That's a great piece of Buckeyes Basketball history there, Kyle.
TOSU owes a lot to Coach Olsen. Thanks for giving him his just due.
I am not very smart, but I recognize that I'm not very smart. --- W.W. Hayes
After watching a few minutes of the 1939 footage those teams make it past the first round or two of the high school boys tournament. The game has surely changed.
Sweet throwback uniform ideas though
The pain of discipline or the pain of regret, take your pick
Very nice read.
I knew of Olsen, but not to this level of detail...he's definitely worthy of due recognition.
I had to run away high, so I wouldn't come home low...
I could never understand how we could have a stinking Castle on campus and then just be ok with tearing it down after a fire and not renovating it?
If you die before you die, then you won't die when you die.
I grew up hearing my mom complain about that for decades. The Armory was her favorite building on campus . I just googled it again, and it does look like it was an interesting building.
My aim, then, is to whip the Weasels, to humble their pride, to follow them to their inmost recesses, and make them fear and dread us. Fear is the beginning of wisdom. - William Tecumseh Sherman (with apologies)
My uncle was an assistant coach on the 39 team. He was an assistant jFB and BB coach until he joined the Navy in 42. One story that was told in the family was that Paul Brown said that only he and the swimming coach earned their money. This tended to piss of Olsen and Larry Snyder the track coach. PB was not know as a people person.
a hard rock miner from Butte, Montana
Mayne you can help put to rest an inkling I have had for many years. Knowing that Olsen was the driving force behind the creation of the NCAA tournament, this little idea has always crawled around in my head that maybe he sort of "threw" that title game on purpose because it would look bad if his team won it. I don't really have any concrete evidence to support this "tinfoil hat" theory but it just is something I've wondered. I don't suppose your uncle ever said anything that could give a grain of truth to that did he?
The one coach who has had the most extensive influence on the college game over the years is Fred R. Taylor. His 'coaching trees' and innovative coaching ideas' are extensive.
I know we are in the era where everyone gets a trophy, banner, or their signature on the basketball court, but the addition of Olsen's name to the rafters alongside Fred Taylor and Thad Matta's seems very appropriate to me.
4 Final Four appearances, 5 Big Ten championships, father of the NCAA tournament. That seems adequate to me.
There were some lackluster seasons, especially during the first half of his tenure at OSU, but when taken into account the state of the program prior to his arrival those are less concerning.
the addition of Olsen's name to the rafters alongside Fred Taylor and Thad Matta's seems very appropriate to me.
Yep, glad they are recognized. Buckeye fans should be proud of these coaches.
Both Taylor and Olsen were inducted the National Collegiate Basketball Hall of Fame, Taylor as a coach and Olsen as a contributor to the game.
Our honor defend, so we'll fight to the end !
The NCAA has an interesting website detailing the history of the game, which initially (1896) had 9 players for each team on the court at the same time. Must have been interesting for the ref(s).
They state that in 1932, "The midcourt line and 10-second rule are introduced to reduce stalling." In 1985 a shot clock was introduced (45 seconds), also to stop stalling.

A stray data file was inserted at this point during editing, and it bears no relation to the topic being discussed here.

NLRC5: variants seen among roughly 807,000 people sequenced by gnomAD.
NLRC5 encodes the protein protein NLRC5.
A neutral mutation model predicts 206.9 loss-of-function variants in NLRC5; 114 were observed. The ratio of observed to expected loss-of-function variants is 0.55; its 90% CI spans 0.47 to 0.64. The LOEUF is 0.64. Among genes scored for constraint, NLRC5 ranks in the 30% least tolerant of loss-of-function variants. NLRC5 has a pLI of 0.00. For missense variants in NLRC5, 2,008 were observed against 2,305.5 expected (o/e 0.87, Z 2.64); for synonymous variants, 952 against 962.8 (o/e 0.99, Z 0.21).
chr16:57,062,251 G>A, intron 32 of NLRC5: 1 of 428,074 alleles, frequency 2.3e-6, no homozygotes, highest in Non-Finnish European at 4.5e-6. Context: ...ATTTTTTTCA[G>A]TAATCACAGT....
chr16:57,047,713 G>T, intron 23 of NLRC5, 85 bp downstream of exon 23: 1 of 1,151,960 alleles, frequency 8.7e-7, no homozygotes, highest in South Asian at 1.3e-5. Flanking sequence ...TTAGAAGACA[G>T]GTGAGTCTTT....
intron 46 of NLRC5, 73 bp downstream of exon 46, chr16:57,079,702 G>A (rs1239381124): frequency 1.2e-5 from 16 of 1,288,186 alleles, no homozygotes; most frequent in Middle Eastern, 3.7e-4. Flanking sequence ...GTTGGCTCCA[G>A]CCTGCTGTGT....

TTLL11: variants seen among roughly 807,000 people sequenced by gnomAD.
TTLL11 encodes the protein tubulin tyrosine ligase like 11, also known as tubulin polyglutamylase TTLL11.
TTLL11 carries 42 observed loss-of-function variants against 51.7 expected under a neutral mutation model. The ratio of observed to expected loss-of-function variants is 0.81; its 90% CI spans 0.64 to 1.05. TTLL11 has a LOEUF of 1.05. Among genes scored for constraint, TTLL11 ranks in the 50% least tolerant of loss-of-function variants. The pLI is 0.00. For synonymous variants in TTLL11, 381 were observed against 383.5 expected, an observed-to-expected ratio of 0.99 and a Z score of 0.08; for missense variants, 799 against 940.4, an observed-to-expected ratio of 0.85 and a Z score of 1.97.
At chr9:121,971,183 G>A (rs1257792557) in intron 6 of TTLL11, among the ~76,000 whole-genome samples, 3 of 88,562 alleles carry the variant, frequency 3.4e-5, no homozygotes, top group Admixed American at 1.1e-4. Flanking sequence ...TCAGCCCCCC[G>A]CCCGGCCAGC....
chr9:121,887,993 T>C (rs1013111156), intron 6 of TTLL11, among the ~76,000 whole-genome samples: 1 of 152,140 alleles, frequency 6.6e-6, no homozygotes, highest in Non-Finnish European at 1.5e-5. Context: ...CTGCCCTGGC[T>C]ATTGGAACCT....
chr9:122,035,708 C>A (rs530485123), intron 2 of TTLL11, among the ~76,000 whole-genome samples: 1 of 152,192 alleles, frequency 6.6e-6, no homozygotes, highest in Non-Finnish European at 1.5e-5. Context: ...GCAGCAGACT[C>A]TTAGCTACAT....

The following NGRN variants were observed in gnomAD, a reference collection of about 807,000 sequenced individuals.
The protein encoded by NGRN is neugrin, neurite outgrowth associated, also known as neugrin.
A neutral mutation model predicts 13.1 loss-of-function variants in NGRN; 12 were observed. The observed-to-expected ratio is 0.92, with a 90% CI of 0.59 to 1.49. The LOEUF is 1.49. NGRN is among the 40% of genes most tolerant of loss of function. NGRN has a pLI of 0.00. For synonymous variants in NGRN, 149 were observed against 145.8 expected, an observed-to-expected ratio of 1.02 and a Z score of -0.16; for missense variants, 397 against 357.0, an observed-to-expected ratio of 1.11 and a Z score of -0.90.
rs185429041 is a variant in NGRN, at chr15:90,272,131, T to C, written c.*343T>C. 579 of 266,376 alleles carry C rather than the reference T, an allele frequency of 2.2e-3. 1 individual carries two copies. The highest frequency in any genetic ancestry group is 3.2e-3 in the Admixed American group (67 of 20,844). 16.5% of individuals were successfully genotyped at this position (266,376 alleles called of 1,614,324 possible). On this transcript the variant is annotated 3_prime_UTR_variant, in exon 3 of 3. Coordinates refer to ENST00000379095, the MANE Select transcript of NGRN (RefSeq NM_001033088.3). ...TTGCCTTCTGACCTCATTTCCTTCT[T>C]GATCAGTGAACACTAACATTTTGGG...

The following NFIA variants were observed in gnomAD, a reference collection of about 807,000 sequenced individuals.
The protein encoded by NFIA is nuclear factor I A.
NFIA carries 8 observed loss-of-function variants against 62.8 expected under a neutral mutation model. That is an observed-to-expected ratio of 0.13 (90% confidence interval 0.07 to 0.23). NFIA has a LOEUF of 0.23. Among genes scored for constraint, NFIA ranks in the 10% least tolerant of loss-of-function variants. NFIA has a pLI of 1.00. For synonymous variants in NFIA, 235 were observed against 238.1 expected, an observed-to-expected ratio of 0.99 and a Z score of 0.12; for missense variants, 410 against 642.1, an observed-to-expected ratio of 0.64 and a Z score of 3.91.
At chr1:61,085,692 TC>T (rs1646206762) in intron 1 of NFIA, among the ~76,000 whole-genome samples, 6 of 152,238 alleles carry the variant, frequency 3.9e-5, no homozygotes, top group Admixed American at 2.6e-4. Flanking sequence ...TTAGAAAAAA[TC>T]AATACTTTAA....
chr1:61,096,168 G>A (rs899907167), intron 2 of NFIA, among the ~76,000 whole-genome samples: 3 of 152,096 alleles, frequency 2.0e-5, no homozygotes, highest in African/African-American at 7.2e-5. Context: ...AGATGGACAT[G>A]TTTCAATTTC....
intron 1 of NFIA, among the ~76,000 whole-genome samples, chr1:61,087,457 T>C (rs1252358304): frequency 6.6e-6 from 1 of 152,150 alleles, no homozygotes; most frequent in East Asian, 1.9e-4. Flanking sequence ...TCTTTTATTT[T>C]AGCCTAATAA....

And for 9 years, dunking the ball was disallowed.
Worth checking out, hover over the text to make it easier to read. They also mention the TTUN hoops scandal.
I believe they took the dunk out because of Lew Alcindor
That is fact. Amazing to have a rule change to try to make one player less dominant.
Alcindor (aka Kareem Abdul-Jabbar) seemed to be a big factor in that, but it was still prohibited 5 years after his college eligibility ran out.
I believe the 9 player days had four each offensive and defensive players that could not cross mid-court. Only one player from each team could play both ends. When I lived there for awhile in the early eighties, girls HS basketball was played that way in both Iowa and Oklahoma. I'm sure it's changed now in the pursuit of college scholarships, although you should never bet on what thoughts might prevail in those states.
North until you smell it, west until you step in it
Thanks for sharing this story on Olsen and Buckeye Bball.
“Being average means you are as close to the bottom as you are to the top.” John Wooden
Excellent story, Kyle. My grandfather, pictured in my icon with Jesse Owens, is the second from the right, back row in your photo. He was the head athletic trainer in those days, and often took my then young father on trips with the teams, both football and basketball. While OSU's football tradition overshadows basketball's, on a national level, we are in the top echelons all time. Thanks for the memories.
Thanks for the article. Being an avid OSU basketball fan I knew much of this, but not all. I was well aware that Olsen was one of, and likely THE key component to getting the NCAA tournament started, and I absolutely agree his name needs to be on a banner in the Schott. I think it will be one day soon. It took OSU decades to get Woody Hayes and Paul Brown acknowledgments in the Shoe, and Fred Taylor in the Schott. Hopefully they will get Olsen up in the rafters before the 100th anniversary of his hiring.
Seems sometimes the BOD are clueless...........
Saban on a cart eating cold pizza
Fantastic article. I did not know of Olsen's contributions to the game. Well done and credit where credit is due....
Buckeyes have more Final Four appearances than any other Big Ten team. You can look it up!
Smokes Risen is a name for the ages.